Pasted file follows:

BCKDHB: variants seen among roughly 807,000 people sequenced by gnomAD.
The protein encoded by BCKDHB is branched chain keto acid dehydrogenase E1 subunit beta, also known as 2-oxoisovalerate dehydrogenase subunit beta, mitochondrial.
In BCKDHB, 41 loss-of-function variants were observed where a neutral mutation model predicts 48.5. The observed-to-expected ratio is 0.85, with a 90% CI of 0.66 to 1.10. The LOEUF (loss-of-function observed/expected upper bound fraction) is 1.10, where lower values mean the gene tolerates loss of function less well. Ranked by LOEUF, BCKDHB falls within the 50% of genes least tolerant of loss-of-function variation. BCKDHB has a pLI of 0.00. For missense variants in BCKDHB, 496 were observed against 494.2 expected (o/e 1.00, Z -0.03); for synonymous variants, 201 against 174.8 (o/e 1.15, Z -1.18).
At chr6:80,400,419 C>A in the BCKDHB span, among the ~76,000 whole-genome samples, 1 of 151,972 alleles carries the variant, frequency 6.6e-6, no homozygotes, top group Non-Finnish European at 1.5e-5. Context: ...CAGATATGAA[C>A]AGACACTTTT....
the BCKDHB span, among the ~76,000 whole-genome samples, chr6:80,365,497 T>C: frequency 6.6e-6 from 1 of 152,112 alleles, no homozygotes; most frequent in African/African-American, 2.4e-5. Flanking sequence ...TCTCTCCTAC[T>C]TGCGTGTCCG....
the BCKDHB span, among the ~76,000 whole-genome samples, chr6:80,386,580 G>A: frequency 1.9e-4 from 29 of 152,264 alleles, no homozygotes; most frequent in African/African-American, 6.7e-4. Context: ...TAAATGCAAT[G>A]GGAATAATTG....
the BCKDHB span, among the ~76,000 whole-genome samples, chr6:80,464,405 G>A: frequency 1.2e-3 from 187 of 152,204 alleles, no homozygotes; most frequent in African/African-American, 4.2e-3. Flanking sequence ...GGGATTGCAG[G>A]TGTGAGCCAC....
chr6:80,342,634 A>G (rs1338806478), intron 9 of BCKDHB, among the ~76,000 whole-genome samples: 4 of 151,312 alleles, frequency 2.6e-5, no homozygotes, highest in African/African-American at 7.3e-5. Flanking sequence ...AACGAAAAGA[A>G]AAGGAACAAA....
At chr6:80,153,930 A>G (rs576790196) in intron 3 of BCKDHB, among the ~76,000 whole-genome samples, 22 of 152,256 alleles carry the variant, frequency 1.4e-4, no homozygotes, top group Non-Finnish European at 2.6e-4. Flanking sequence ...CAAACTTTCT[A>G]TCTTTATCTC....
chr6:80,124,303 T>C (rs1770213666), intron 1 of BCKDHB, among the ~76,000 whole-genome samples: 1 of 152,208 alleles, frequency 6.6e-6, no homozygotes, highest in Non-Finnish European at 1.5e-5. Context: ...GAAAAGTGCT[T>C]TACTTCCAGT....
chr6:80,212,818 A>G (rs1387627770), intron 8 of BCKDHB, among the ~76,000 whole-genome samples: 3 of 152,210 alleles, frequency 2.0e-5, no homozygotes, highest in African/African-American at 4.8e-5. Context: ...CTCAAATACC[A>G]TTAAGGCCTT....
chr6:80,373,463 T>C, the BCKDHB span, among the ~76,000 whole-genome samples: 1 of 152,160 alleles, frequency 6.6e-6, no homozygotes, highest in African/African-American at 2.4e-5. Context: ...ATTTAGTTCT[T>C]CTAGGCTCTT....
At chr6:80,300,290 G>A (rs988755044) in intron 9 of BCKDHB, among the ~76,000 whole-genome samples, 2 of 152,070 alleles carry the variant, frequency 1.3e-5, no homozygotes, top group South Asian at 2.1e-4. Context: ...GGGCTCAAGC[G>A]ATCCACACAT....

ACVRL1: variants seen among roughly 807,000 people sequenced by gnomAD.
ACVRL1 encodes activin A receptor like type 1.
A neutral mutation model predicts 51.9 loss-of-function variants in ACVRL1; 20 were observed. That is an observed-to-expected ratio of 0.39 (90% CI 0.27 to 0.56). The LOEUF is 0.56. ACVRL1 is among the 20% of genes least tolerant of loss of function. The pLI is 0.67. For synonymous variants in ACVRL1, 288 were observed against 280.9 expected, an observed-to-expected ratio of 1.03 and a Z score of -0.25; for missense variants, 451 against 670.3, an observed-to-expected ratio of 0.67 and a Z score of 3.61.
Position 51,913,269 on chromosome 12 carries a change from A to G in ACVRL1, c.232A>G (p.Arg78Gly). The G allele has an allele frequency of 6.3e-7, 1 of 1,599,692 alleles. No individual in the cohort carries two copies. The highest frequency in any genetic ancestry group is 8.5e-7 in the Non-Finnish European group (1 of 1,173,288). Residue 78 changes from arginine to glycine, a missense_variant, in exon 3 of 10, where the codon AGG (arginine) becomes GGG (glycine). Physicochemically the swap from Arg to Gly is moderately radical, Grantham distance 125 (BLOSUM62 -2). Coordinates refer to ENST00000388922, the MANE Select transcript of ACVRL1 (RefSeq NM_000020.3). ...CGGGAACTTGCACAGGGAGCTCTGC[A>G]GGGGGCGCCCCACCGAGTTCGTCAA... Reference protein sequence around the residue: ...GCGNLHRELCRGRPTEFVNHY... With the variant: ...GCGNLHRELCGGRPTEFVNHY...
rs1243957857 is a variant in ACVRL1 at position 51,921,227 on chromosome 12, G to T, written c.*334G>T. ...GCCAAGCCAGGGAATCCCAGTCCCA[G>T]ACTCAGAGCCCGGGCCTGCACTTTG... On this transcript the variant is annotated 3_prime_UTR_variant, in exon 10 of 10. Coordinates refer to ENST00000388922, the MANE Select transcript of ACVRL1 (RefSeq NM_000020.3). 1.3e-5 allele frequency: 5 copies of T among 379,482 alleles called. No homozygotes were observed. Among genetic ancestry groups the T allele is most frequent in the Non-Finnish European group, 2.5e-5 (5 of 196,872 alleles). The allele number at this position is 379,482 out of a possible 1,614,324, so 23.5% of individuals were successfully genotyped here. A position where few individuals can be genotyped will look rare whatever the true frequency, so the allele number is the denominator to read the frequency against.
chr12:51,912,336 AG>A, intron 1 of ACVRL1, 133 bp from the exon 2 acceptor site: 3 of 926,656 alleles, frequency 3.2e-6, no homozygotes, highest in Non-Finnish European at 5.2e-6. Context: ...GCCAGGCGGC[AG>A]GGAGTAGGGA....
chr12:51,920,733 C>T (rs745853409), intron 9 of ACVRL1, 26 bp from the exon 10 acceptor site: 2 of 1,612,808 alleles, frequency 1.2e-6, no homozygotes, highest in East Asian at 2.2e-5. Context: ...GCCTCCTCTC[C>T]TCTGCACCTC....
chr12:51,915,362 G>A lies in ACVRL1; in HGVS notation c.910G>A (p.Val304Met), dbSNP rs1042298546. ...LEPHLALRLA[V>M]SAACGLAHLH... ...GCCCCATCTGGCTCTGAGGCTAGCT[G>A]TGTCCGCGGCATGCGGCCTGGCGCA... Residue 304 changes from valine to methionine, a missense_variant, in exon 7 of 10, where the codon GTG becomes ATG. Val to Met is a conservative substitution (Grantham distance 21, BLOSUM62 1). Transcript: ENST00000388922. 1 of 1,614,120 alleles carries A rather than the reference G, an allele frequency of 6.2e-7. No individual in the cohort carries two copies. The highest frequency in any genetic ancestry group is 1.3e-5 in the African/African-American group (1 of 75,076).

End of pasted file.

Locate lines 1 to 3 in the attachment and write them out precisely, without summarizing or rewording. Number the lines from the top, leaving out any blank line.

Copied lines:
BCKDHB: variants seen among roughly 807,000 people sequenced by gnomAD.
The protein encoded by BCKDHB is branched chain keto acid dehydrogenase E1 subunit beta, also known as 2-oxoisovalerate dehydrogenase subunit beta, mitochondrial.
In BCKDHB, 41 loss-of-function variants were observed where a neutral mutation model predicts 48.5. The observed-to-expected ratio is 0.85, with a 90% CI of 0.66 to 1.10. The LOEUF (loss-of-function observed/expected upper bound fraction) is 1.10, where lower values mean the gene tolerates loss of function less well. Ranked by LOEUF, BCKDHB falls within the 50% of genes least tolerant of loss-of-function variation. BCKDHB has a pLI of 0.00. For missense variants in BCKDHB, 496 were observed against 494.2 expected (o/e 1.00, Z -0.03); for synonymous variants, 201 against 174.8 (o/e 1.15, Z -1.18).